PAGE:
I have personally been accused of being anti-Semitic, hating Israel and such forth**. All utter codswallop. Equally, I know good friends who have had similar accusations thrown at them. This not only cheapens the accusations but it makes seeing the actual anti-Semite amongst the false accusations much more difficult.

Equally, it is worth noting that it doesn’t just apply to individuals.

EAPPI –the organisation that I travelled to the West Bank with – has also had every criticism you can imagine thrown at it.

Melanie Phillips writing in the Mail quoted the following remarks about EAPPI:

“[EAPPI is] nothing but an insidious front for a pro-Palestinian campaign to propagate the partisan lie that, while Israel is besieged by child killers, infiltrated by suicide bombers, surrounded by Islamist propagandists and endures almost daily missiles launched at civilian areas, she is the aggressor, the terroriser, the occupying force.’

‘… the EAPPI ascribes Palestinian misery to apartheid Israel alone, consistently turning a blind eye to Palestinian aggression, corruption, rejectionism and incitement (not to mention Islamism, homophobia, racism and the oppression of women). The EAPPI is blind to antisemitism and deaf to the numerous overtures to peace which have been offered. They are ignorant of Israel’s need for security, and oblivious to the fact that she alone in the entire region is a vibrant, tolerant, multiracial, multi-faith society.’

This description of EAPPI is so far from what I experienced that it dissolves any sense of credibility that the author might have tried to project.

In short, I and many others cease to take it seriously because it bears no resemblance of the truth.

Our ability to tackle the low level anti-Semitism within the ‘pro-Palestinian community’ (a term I feel uncomfortable using but do so for the sake of ease) is hampered by those who aim to smear all involved as anti-Semitic.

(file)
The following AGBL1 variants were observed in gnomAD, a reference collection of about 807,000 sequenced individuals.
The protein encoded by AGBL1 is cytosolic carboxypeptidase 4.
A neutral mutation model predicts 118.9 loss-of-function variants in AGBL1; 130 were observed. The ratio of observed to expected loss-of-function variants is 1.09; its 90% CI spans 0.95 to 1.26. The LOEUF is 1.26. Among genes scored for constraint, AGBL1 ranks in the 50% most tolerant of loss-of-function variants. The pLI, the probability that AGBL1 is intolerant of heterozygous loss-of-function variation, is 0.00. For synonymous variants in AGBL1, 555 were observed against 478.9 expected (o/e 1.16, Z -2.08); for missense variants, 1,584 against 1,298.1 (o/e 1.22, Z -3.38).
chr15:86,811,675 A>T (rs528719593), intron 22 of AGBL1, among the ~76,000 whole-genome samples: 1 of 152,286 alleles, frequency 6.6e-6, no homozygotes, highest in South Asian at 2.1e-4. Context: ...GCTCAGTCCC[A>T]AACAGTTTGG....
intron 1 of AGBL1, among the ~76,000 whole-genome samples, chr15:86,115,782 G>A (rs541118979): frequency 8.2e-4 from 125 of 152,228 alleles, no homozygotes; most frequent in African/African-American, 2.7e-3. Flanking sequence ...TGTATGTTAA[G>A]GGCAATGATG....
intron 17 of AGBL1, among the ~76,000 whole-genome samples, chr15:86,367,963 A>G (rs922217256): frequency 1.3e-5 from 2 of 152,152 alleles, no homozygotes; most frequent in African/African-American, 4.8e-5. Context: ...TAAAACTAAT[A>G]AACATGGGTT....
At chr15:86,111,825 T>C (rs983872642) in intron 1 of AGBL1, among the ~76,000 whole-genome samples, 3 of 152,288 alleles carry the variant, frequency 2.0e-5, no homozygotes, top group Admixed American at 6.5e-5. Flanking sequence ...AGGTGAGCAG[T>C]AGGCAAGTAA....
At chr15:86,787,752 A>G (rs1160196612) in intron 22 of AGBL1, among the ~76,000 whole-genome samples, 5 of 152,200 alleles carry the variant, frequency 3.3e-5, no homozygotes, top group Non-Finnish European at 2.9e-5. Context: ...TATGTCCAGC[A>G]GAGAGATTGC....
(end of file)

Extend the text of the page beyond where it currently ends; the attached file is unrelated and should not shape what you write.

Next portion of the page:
I, like many others, have learnt to ignore such criticisms. The severity, sensitivity and frequency of this anti-Semitism though demands that we start taking this seriously. The roles of those who dedicate themselves to highlighting anti-Semitism has to be to begin to work with the progressive majority within ‘pro-Palestinian’ circles to tackle anti-Semitism– not blindly attacking. It helps nobody when these progressives spend their time having to defend themselves from false accusations.

Like Mehdi this article has not been easy for me to write. Removing prejudice and encouraging a greater degree of human empathy has to be the starting block of any future peace.

I am sure that this article will win me no friends from either side of this polarised debate. So I finish with a plea to the moderates who might quietly agree – speak out. Publically stand up for those falsely accused of anti-Semitism and condemn in the strongest terms any hint of true anti-Semitism you experience. The foundations of any future peace depend on it.

 

 

**Update** After receiving feedback I’d like to clarify that when I listed ‘anti-Semitism’ and ‘hating Israel’ next to each other I was seeking to illustrate some of the false accusations thrown at me, not to conflate the two as being the same.